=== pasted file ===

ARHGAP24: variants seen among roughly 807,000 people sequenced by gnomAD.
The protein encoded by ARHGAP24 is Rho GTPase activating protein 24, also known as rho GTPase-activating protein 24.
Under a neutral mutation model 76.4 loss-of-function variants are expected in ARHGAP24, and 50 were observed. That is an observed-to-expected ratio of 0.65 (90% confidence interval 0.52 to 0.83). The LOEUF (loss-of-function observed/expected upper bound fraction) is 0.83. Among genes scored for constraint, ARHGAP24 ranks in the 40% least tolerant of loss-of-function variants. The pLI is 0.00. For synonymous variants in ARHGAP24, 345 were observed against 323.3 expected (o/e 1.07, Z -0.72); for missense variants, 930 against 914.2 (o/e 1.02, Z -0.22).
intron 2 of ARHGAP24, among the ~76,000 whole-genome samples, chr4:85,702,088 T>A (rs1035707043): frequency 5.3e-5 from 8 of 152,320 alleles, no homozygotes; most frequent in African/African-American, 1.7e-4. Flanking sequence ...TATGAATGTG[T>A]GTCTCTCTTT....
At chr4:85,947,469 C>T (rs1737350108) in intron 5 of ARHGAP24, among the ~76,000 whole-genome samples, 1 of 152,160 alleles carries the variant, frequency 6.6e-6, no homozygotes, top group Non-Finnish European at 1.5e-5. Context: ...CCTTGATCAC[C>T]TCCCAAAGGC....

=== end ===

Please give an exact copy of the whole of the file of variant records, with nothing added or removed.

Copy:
ARHGAP24: variants seen among roughly 807,000 people sequenced by gnomAD.
The protein encoded by ARHGAP24 is Rho GTPase activating protein 24, also known as rho GTPase-activating protein 24.
Under a neutral mutation model 76.4 loss-of-function variants are expected in ARHGAP24, and 50 were observed. That is an observed-to-expected ratio of 0.65 (90% confidence interval 0.52 to 0.83). The LOEUF (loss-of-function observed/expected upper bound fraction) is 0.83. Among genes scored for constraint, ARHGAP24 ranks in the 40% least tolerant of loss-of-function variants. The pLI is 0.00. For synonymous variants in ARHGAP24, 345 were observed against 323.3 expected (o/e 1.07, Z -0.72); for missense variants, 930 against 914.2 (o/e 1.02, Z -0.22).
intron 2 of ARHGAP24, among the ~76,000 whole-genome samples, chr4:85,702,088 T>A (rs1035707043): frequency 5.3e-5 from 8 of 152,320 alleles, no homozygotes; most frequent in African/African-American, 1.7e-4. Flanking sequence ...TATGAATGTG[T>A]GTCTCTCTTT....
At chr4:85,947,469 C>T (rs1737350108) in intron 5 of ARHGAP24, among the ~76,000 whole-genome samples, 1 of 152,160 alleles carries the variant, frequency 6.6e-6, no homozygotes, top group Non-Finnish European at 1.5e-5. Context: ...CCTTGATCAC[C>T]TCCCAAAGGC....